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-   -   When locked, which comes first, NR_WRITE_PROTECT or message checking? (http://www.rdmprotocol.org/forums/showthread.php?t=1293)

shawn November 14th, 2018 08:13 PM

When locked, which comes first, NR_WRITE_PROTECT or message checking?
 
I have a question about the interpretation of when to send a NR_WRITE_PROTECT NACK response when a device is in a locked state.

When a device is in some lock state, E1.37-1 says that it should return NR_WRITE_PROTECT for those PID's that require locking. Should this be returned before even looking at a message, or should the message first be examined for format or content errors and then the NR_WRITE_PROTECT sent?

There are really three cases for when a message/PID gets denied. Either it has an unknown PID, the command class is not supported, or it has some bad formatting or content errors. The question of when to send the NR_WRITE_PROTECT arises for all three.

If we send the NR_WRITE_PROTECT first, it makes the code easier to write, because there's only one check at the top. If it's sent only after a message is checked (with associated potential NR_UNKNOWN_PID, NR_UNSUPPORTED_COMMAND_CLASS, or NR_FORMAT_ERROR/NR_DATA_OUT_OF_RANGE), then those other errors have priority and are returned first.

Thoughts?

sblair November 14th, 2018 11:12 PM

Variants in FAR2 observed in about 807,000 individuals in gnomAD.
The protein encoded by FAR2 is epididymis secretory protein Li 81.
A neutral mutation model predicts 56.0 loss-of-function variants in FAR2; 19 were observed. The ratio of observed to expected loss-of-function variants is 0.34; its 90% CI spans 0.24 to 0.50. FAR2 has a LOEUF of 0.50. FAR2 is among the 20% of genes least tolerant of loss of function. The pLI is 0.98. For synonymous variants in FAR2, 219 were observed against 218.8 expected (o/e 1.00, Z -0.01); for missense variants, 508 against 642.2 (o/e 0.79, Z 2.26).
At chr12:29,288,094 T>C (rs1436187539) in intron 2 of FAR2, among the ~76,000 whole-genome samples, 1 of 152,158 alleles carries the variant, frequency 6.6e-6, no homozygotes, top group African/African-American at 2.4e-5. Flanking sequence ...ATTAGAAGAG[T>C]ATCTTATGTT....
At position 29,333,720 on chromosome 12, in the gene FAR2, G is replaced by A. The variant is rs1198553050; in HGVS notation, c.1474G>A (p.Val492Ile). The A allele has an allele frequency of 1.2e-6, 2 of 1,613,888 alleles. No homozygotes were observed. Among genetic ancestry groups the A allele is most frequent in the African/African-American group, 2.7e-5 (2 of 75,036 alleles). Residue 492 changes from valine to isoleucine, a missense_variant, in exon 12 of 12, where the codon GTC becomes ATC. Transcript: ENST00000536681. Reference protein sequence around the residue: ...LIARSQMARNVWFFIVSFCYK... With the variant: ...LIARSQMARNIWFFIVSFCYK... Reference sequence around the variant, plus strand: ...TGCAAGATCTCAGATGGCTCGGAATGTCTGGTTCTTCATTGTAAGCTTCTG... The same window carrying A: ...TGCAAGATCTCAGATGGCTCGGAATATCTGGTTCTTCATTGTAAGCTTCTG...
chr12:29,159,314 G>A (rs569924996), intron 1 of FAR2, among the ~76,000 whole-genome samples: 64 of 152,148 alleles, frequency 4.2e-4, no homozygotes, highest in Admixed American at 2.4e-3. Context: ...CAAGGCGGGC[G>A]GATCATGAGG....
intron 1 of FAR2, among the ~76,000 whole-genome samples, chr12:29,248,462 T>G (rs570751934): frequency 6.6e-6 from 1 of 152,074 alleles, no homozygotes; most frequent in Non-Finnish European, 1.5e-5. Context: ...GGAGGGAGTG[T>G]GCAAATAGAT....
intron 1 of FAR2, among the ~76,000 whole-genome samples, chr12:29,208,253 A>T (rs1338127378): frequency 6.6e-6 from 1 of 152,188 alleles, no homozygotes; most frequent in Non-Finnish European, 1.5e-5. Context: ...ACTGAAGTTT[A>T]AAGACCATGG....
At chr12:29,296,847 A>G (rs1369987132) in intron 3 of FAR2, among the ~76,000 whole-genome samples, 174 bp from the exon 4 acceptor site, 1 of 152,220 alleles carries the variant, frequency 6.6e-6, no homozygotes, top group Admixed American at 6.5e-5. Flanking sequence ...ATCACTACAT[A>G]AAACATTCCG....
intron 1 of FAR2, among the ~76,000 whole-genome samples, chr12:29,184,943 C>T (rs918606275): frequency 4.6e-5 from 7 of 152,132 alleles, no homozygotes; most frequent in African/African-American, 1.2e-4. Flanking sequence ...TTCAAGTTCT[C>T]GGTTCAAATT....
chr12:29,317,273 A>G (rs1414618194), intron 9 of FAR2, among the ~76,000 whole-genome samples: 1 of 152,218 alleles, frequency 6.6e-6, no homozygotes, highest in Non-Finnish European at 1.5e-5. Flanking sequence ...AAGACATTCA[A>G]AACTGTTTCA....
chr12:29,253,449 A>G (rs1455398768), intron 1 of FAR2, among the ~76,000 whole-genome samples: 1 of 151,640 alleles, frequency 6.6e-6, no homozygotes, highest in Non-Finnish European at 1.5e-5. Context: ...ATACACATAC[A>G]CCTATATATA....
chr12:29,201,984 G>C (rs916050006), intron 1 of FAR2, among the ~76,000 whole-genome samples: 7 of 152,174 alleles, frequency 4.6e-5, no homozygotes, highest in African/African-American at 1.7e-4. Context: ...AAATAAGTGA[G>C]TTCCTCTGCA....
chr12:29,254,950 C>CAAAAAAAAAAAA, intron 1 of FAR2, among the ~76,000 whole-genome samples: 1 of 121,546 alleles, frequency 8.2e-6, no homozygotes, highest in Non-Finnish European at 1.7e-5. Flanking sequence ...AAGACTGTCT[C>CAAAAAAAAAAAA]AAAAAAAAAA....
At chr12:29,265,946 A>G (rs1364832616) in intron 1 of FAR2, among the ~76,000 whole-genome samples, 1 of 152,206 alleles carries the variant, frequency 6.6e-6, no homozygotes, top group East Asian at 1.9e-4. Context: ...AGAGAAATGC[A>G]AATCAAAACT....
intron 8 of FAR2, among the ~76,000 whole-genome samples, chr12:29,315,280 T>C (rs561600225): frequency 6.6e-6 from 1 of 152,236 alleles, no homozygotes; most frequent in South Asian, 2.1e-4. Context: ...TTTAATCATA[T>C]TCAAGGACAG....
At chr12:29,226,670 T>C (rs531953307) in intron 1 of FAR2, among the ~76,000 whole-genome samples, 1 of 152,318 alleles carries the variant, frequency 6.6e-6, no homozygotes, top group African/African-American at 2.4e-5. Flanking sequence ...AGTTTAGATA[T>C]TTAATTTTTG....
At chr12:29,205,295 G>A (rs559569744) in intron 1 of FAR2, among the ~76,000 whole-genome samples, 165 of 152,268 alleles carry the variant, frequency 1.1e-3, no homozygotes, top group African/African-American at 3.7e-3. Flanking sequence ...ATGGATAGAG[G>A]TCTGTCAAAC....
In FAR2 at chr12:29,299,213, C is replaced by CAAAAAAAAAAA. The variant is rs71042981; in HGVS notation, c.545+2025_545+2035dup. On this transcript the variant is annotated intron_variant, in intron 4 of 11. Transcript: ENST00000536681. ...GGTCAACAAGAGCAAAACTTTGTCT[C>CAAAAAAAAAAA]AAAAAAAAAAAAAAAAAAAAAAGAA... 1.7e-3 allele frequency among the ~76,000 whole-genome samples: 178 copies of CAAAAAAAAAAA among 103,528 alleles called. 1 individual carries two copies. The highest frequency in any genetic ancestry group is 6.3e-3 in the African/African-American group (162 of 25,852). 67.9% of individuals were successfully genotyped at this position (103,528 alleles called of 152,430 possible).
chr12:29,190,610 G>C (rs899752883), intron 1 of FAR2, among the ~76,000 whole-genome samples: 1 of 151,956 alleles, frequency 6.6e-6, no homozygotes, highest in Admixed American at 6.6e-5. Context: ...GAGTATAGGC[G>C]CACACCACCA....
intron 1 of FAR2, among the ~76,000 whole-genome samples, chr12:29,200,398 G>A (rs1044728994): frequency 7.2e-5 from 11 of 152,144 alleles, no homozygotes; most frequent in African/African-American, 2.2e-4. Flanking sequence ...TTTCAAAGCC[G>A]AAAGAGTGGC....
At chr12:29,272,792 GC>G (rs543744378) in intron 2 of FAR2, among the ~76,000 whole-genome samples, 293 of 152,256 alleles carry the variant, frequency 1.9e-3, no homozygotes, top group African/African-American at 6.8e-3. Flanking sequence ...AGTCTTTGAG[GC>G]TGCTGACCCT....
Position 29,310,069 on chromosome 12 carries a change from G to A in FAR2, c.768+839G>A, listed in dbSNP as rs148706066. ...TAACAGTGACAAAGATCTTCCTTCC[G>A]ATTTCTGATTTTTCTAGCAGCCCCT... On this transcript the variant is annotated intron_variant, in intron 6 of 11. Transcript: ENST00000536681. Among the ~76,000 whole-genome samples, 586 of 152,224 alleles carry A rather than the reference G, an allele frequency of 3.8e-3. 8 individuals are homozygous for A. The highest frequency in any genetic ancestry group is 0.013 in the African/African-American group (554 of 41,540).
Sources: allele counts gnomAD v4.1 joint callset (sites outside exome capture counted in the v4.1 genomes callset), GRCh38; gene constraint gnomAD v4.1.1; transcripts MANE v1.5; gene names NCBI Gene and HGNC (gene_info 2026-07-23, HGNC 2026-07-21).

Hey Shawn,

Welcome to the RDM forums! It's a good question and you are likely to get different answers from different people. The standard is not specific about order things must be validated in so it is largely up to your implementation.

Some people are very strict in their implementations and like to fully validate the message header before trying to act on the contents. As you indicate it also tends to be how your parser is written as well.

I generally try to take an accepting view that if I can understand the message contents then I'll try and act on it, regardless if there is some benign formatting issue.

That being said, I tend to prefer inspecting the Command Class and the PID first. Most everything after that is more subjective. Even if you have a Write Protect you will still need to respond to Get Commands and there may be some Set Commands that are still considered valid. So it really just depends on your implementation. My belief is that without a valid Command Class and PID, you really don't fully know what the intent of the message is to properly NACK the contents.